The router then rides again along the side of the clamped piece.
Now... the hard part! For the remaining curved parts of the letters, such as the top of the R's, the B, the bottom of the U and the C and of course the very curvy "&". You really need to hold tight on the router and try to keep within the drawn lines. As I said in Part 2, it's not perfect and it helps to practise a bit first! Here are the finished letters:
First I take off the support wood underneath and trim the wood to size. I then give the board a good sanding which can help remove some of the fine bits you sometimes get around the edge of the routed out letters. It also removes any pencil or carbon markings and any small scratches that the router may make while moving across the wood.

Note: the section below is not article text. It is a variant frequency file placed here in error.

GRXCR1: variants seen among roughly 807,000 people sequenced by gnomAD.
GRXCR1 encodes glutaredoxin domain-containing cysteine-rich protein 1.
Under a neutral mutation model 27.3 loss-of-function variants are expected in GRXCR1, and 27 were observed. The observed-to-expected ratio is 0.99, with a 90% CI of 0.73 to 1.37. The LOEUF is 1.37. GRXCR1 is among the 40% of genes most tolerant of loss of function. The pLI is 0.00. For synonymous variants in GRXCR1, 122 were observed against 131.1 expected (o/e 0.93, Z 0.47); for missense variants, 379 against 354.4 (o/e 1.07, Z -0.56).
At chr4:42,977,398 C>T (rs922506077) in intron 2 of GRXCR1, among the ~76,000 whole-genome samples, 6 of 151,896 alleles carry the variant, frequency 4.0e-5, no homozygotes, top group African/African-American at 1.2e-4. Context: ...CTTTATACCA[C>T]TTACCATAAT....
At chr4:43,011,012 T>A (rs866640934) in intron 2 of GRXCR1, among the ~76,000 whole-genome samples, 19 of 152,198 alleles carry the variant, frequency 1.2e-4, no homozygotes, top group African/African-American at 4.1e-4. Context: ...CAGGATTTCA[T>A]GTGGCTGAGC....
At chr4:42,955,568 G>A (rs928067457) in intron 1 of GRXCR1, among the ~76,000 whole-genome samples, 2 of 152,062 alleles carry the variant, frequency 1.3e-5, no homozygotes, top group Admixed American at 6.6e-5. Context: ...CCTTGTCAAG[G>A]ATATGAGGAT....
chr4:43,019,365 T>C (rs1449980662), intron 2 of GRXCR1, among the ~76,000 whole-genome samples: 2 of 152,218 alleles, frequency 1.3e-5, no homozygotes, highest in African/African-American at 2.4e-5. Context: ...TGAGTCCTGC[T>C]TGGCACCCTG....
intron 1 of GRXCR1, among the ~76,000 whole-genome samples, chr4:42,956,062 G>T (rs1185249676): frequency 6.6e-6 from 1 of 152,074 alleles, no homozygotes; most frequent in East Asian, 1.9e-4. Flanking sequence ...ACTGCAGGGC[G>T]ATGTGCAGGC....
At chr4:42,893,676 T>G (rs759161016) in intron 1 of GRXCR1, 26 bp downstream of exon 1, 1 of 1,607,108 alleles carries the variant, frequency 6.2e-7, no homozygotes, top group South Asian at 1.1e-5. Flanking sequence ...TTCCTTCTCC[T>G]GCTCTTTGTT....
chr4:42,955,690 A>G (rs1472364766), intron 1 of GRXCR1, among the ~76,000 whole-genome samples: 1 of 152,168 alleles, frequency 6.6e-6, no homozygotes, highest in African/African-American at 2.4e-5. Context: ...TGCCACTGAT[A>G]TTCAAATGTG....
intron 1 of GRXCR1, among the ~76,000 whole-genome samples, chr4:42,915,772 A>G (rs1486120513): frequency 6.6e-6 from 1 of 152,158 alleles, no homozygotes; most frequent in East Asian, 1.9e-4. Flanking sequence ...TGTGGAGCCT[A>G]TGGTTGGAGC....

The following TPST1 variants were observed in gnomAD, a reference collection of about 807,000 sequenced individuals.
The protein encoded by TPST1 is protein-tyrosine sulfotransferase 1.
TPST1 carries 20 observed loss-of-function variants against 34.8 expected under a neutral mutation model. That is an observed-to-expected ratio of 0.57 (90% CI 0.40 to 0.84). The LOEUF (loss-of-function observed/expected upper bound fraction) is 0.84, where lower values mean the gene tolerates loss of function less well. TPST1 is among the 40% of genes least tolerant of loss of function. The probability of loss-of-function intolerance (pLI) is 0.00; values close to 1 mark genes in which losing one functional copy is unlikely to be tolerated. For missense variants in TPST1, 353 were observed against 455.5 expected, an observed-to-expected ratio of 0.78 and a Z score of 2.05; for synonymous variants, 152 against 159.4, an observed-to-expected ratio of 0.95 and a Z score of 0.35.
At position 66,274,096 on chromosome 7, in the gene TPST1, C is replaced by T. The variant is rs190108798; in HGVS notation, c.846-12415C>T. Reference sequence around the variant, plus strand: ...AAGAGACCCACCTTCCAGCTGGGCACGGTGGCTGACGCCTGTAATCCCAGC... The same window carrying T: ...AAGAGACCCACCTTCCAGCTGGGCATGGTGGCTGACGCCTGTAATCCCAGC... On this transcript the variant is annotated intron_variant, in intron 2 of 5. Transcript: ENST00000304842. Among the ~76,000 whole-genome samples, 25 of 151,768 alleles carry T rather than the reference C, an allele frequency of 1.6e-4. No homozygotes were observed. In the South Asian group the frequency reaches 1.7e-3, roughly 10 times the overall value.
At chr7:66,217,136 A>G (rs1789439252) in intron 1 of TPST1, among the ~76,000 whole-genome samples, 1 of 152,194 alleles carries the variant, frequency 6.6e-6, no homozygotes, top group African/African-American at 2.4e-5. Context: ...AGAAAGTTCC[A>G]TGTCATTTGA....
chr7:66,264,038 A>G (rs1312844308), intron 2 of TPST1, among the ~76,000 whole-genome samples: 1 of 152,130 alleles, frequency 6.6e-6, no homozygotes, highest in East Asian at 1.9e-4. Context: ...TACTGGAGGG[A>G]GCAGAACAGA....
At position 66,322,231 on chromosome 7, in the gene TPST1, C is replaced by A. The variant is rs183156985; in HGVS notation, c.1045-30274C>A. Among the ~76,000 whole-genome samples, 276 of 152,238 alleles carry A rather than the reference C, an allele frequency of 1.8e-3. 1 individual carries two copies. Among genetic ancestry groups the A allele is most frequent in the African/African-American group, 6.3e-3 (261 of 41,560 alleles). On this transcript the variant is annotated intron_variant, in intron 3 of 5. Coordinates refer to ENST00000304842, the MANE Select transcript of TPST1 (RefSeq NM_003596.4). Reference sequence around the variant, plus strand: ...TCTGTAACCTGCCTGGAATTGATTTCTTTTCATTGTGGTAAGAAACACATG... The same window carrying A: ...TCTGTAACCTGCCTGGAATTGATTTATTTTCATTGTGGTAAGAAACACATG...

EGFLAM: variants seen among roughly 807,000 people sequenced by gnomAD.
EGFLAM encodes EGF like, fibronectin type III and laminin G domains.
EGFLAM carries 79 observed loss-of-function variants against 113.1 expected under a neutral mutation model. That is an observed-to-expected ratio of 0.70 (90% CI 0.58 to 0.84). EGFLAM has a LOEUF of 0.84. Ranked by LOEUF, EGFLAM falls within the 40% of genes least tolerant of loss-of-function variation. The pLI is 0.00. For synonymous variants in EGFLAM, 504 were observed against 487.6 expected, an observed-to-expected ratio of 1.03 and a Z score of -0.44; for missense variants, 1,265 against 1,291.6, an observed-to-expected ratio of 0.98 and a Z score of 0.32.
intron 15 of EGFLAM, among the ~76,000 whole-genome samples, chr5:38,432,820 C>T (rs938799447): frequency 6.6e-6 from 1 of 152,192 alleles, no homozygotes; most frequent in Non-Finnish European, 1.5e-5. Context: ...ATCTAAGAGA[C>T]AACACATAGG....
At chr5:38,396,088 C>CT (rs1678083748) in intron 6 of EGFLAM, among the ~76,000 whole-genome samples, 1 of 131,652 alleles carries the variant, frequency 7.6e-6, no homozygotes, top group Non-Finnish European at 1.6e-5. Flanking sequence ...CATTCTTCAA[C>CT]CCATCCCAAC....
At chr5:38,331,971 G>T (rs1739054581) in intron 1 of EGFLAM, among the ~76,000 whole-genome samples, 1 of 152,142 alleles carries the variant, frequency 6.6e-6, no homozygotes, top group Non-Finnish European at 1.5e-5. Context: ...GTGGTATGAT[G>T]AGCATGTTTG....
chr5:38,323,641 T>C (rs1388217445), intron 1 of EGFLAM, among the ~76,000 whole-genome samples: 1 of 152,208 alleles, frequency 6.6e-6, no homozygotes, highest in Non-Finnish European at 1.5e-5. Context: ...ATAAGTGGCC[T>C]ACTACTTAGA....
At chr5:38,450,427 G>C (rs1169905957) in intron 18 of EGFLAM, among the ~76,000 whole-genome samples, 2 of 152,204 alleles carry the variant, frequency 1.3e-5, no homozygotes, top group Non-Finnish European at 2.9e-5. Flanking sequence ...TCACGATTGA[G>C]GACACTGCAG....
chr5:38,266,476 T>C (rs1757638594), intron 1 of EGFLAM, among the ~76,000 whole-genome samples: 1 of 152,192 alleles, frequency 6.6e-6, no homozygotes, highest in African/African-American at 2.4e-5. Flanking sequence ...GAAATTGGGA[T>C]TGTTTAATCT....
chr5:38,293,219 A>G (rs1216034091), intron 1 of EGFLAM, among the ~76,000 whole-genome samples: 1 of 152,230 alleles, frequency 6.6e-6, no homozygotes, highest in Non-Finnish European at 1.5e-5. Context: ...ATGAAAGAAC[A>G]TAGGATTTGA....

I fill the letters with black craft paint, using a fine brush, carefully. Some people spray their whole board and then either sand or plane off the black on the flat parts. I have not had success trying this, perhaps I need a different paint for that?
I did a second coat of black in the letters and checked for places where it wasn't solid enough. With wood grain, the paint can sometimes soak in in places and leave small gaps in other places.
Once the black paint has dried, I use an exterior wood finish that soaks into the wood. I used "Deftoil" by Deft which is supposed to "Protect Exterior Woods from the Harmful Effects of Rain and Sun." This product is brushed on liberally and then left for 30 minutes to penetrate into the wood. You then apply a second coat and wipe after another 20 minutes.
Here's the finished sign:
Please ask if you have any questions, this is meant to help others try out routing a sign so let me know if you make one.